Plans for a European soccer superleague appeared on the brink of collapse on Tuesday, a potentially spectacular implosion for a multibillion-dollar plan that had prompted howls of outrage from nearly every corner of the soccer world since it was announced on Sunday.
Chelsea, one of six English teams that had signed up as a founding member of the new league, was preparing documentation to officially withdraw from the project, according to a person familiar with the club’s discussions. A spokesman for the club declined to comment.
Manchester City, which leads the Premier League, was also close to pulling out of its agreement, according to people with knowledge of the situation. City’s about face came soon after its celebrated Spanish coach, Pep Guardiola, had slammed the plans for a closed competition, saying “it is not a sport if it doesn’t matter if you lose.” A Manchester City spokeswoman, citing legal reasons, declined to comment on the clubs plans.
The Super League, an alliance of a dozen of the world’s best, richest and most popular teams, would have redrawn soccer’s structures and economics, and brought about one of the largest redistributions of wealth in sports history by funneling billions of dollars to a handful of clubs who would become permanent members of a new elite competition. Some of the biggest brands in soccer — including Real Madrid, Manchester United, Liverpool and Juventus — were to be part of the league.
Instead, it appeared set to fall apart amid a growing wave of internal revolt, political threats, fan outrage and, most ominously, humbling U-turns by several of its founding teams.
European soccer officials had erupted in fury over the plans over the weekend, seeing them as a direct challenge to the domestic leagues and Continental competitions that have served as the backbone of European soccer for a century.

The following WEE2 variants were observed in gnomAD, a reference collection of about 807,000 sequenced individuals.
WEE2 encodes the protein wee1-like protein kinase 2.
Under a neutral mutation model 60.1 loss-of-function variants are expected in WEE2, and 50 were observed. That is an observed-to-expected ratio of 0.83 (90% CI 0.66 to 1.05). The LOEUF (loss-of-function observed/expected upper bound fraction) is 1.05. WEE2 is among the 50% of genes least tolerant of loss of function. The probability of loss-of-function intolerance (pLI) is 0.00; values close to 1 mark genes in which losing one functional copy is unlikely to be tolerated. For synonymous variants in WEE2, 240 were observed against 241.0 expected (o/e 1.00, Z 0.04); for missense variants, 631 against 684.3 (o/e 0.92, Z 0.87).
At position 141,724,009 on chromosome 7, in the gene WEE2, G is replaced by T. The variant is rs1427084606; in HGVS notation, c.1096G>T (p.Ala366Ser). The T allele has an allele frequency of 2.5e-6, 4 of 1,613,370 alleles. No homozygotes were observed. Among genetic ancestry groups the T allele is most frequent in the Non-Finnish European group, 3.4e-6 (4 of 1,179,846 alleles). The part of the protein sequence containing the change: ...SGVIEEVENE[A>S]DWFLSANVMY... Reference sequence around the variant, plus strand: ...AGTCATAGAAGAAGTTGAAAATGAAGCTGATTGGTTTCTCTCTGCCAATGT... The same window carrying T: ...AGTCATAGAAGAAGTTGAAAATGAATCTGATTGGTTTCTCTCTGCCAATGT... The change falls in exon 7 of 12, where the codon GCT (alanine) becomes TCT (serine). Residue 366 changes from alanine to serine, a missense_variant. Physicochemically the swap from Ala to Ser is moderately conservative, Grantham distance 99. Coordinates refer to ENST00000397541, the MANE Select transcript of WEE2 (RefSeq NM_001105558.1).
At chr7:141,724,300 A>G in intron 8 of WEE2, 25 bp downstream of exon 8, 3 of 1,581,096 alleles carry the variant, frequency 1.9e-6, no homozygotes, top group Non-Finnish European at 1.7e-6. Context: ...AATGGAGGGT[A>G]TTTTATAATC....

That outrage soon spread. Players on the prospective Super League clubs came out publicly against the plan. Coaches did little to disguise their opposition. And politicians in England and France pledged to oppose the plan with official action.
Hundreds of fans protesting the Super League marched on Chelsea’s stadium before its game with Manchester City on Tuesday, a day after Liverpool fans had surrounded the team’s bus as it arrived for a Premier League game at Leeds United.
Chelsea, like some of the other founding clubs, has been taken aback by the strength of opposition to the proposals from its fans and the wider British public. The strength of feeling led to the team’s change of heart, according to the person with knowledge of the club’s plans.
The Guardian newspaper reported the team was forced to pull out after a revolt by players concerned they would not be able to participate for their national teams in global events like the World Cup, or regional tournaments like this summer’s European Championship and the Copa América in South America.